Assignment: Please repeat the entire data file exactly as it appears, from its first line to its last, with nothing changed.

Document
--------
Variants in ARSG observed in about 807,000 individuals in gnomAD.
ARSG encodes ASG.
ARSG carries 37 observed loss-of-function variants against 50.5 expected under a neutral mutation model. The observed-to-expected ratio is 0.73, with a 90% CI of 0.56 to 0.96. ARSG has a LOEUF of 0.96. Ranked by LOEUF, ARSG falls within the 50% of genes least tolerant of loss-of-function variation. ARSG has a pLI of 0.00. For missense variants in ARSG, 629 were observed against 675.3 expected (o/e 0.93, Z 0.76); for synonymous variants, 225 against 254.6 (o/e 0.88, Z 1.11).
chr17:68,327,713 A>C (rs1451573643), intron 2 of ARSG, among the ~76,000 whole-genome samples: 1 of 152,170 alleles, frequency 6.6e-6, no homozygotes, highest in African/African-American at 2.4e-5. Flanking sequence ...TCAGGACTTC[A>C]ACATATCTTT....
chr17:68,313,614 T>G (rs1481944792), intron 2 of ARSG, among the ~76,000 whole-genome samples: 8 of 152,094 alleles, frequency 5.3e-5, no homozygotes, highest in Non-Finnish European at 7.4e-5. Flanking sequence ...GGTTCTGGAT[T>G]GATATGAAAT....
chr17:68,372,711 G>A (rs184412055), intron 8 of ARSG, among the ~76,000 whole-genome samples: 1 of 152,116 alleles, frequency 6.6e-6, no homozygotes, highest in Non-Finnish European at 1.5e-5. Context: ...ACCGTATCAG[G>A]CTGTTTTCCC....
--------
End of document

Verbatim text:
Variants in ARSG observed in about 807,000 individuals in gnomAD.
ARSG encodes ASG.
ARSG carries 37 observed loss-of-function variants against 50.5 expected under a neutral mutation model. The observed-to-expected ratio is 0.73, with a 90% CI of 0.56 to 0.96. ARSG has a LOEUF of 0.96. Ranked by LOEUF, ARSG falls within the 50% of genes least tolerant of loss-of-function variation. ARSG has a pLI of 0.00. For missense variants in ARSG, 629 were observed against 675.3 expected (o/e 0.93, Z 0.76); for synonymous variants, 225 against 254.6 (o/e 0.88, Z 1.11).
chr17:68,327,713 A>C (rs1451573643), intron 2 of ARSG, among the ~76,000 whole-genome samples: 1 of 152,170 alleles, frequency 6.6e-6, no homozygotes, highest in African/African-American at 2.4e-5. Flanking sequence ...TCAGGACTTC[A>C]ACATATCTTT....
chr17:68,313,614 T>G (rs1481944792), intron 2 of ARSG, among the ~76,000 whole-genome samples: 8 of 152,094 alleles, frequency 5.3e-5, no homozygotes, highest in Non-Finnish European at 7.4e-5. Flanking sequence ...GGTTCTGGAT[T>G]GATATGAAAT....
chr17:68,372,711 G>A (rs184412055), intron 8 of ARSG, among the ~76,000 whole-genome samples: 1 of 152,116 alleles, frequency 6.6e-6, no homozygotes, highest in Non-Finnish European at 1.5e-5. Context: ...ACCGTATCAG[G>A]CTGTTTTCCC....